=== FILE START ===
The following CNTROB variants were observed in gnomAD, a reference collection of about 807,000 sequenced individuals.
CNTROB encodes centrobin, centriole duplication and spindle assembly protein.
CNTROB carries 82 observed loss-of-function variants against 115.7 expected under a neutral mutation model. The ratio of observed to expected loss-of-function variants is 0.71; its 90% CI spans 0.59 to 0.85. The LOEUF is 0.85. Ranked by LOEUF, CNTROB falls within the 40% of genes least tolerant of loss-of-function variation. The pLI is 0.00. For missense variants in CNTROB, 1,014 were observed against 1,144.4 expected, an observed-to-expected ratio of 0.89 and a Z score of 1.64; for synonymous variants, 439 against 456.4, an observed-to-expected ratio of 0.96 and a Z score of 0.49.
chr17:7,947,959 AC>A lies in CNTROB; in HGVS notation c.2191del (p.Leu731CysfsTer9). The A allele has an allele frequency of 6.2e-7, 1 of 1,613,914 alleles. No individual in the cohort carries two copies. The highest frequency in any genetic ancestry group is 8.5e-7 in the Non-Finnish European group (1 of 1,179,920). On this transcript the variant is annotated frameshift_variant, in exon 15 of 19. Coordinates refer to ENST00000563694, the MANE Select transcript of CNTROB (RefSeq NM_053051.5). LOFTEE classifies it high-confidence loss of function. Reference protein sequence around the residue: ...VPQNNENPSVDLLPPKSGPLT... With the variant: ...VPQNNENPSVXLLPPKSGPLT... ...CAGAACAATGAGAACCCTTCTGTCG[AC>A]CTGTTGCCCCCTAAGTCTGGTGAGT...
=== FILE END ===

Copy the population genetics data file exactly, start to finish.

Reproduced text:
The following CNTROB variants were observed in gnomAD, a reference collection of about 807,000 sequenced individuals.
CNTROB encodes centrobin, centriole duplication and spindle assembly protein.
CNTROB carries 82 observed loss-of-function variants against 115.7 expected under a neutral mutation model. The ratio of observed to expected loss-of-function variants is 0.71; its 90% CI spans 0.59 to 0.85. The LOEUF is 0.85. Ranked by LOEUF, CNTROB falls within the 40% of genes least tolerant of loss-of-function variation. The pLI is 0.00. For missense variants in CNTROB, 1,014 were observed against 1,144.4 expected, an observed-to-expected ratio of 0.89 and a Z score of 1.64; for synonymous variants, 439 against 456.4, an observed-to-expected ratio of 0.96 and a Z score of 0.49.
chr17:7,947,959 AC>A lies in CNTROB; in HGVS notation c.2191del (p.Leu731CysfsTer9). The A allele has an allele frequency of 6.2e-7, 1 of 1,613,914 alleles. No individual in the cohort carries two copies. The highest frequency in any genetic ancestry group is 8.5e-7 in the Non-Finnish European group (1 of 1,179,920). On this transcript the variant is annotated frameshift_variant, in exon 15 of 19. Coordinates refer to ENST00000563694, the MANE Select transcript of CNTROB (RefSeq NM_053051.5). LOFTEE classifies it high-confidence loss of function. Reference protein sequence around the residue: ...VPQNNENPSVDLLPPKSGPLT... With the variant: ...VPQNNENPSVXLLPPKSGPLT... ...CAGAACAATGAGAACCCTTCTGTCG[AC>A]CTGTTGCCCCCTAAGTCTGGTGAGT...